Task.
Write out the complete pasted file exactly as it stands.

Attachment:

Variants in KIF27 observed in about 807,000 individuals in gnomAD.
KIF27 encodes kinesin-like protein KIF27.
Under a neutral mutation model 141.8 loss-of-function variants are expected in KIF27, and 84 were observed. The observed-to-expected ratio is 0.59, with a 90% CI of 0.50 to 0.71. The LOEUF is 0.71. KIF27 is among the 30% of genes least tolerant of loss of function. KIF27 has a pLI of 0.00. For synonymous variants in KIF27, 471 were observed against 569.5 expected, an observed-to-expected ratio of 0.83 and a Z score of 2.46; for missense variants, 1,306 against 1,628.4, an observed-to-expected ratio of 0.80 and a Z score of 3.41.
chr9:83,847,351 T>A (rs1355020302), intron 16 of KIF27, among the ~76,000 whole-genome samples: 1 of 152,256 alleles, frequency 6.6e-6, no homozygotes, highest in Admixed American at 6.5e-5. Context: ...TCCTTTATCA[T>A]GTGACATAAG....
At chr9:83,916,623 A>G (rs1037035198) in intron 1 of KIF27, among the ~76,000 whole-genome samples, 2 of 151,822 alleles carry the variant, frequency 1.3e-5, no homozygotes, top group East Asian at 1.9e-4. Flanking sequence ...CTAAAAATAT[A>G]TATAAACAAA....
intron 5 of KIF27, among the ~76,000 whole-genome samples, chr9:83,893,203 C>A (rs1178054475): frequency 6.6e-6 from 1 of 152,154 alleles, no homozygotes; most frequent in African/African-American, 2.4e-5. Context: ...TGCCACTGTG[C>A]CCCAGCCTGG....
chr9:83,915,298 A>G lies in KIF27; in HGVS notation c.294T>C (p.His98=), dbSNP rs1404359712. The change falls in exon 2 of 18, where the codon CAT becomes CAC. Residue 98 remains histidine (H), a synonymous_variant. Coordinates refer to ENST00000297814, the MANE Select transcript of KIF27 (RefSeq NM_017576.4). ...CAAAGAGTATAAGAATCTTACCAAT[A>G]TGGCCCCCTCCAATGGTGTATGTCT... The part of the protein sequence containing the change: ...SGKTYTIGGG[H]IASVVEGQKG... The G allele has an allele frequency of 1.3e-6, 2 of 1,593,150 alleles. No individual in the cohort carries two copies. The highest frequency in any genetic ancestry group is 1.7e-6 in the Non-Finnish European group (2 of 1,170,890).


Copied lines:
Variants in KIF27 observed in about 807,000 individuals in gnomAD.
KIF27 encodes kinesin-like protein KIF27.
Under a neutral mutation model 141.8 loss-of-function variants are expected in KIF27, and 84 were observed. The observed-to-expected ratio is 0.59, with a 90% CI of 0.50 to 0.71. The LOEUF is 0.71. KIF27 is among the 30% of genes least tolerant of loss of function. KIF27 has a pLI of 0.00. For synonymous variants in KIF27, 471 were observed against 569.5 expected, an observed-to-expected ratio of 0.83 and a Z score of 2.46; for missense variants, 1,306 against 1,628.4, an observed-to-expected ratio of 0.80 and a Z score of 3.41.
chr9:83,847,351 T>A (rs1355020302), intron 16 of KIF27, among the ~76,000 whole-genome samples: 1 of 152,256 alleles, frequency 6.6e-6, no homozygotes, highest in Admixed American at 6.5e-5. Context: ...TCCTTTATCA[T>A]GTGACATAAG....
At chr9:83,916,623 A>G (rs1037035198) in intron 1 of KIF27, among the ~76,000 whole-genome samples, 2 of 151,822 alleles carry the variant, frequency 1.3e-5, no homozygotes, top group East Asian at 1.9e-4. Flanking sequence ...CTAAAAATAT[A>G]TATAAACAAA....
intron 5 of KIF27, among the ~76,000 whole-genome samples, chr9:83,893,203 C>A (rs1178054475): frequency 6.6e-6 from 1 of 152,154 alleles, no homozygotes; most frequent in African/African-American, 2.4e-5. Context: ...TGCCACTGTG[C>A]CCCAGCCTGG....
chr9:83,915,298 A>G lies in KIF27; in HGVS notation c.294T>C (p.His98=), dbSNP rs1404359712. The change falls in exon 2 of 18, where the codon CAT becomes CAC. Residue 98 remains histidine (H), a synonymous_variant. Coordinates refer to ENST00000297814, the MANE Select transcript of KIF27 (RefSeq NM_017576.4). ...CAAAGAGTATAAGAATCTTACCAAT[A>G]TGGCCCCCTCCAATGGTGTATGTCT... The part of the protein sequence containing the change: ...SGKTYTIGGG[H]IASVVEGQKG... The G allele has an allele frequency of 1.3e-6, 2 of 1,593,150 alleles. No individual in the cohort carries two copies. The highest frequency in any genetic ancestry group is 1.7e-6 in the Non-Finnish European group (2 of 1,170,890).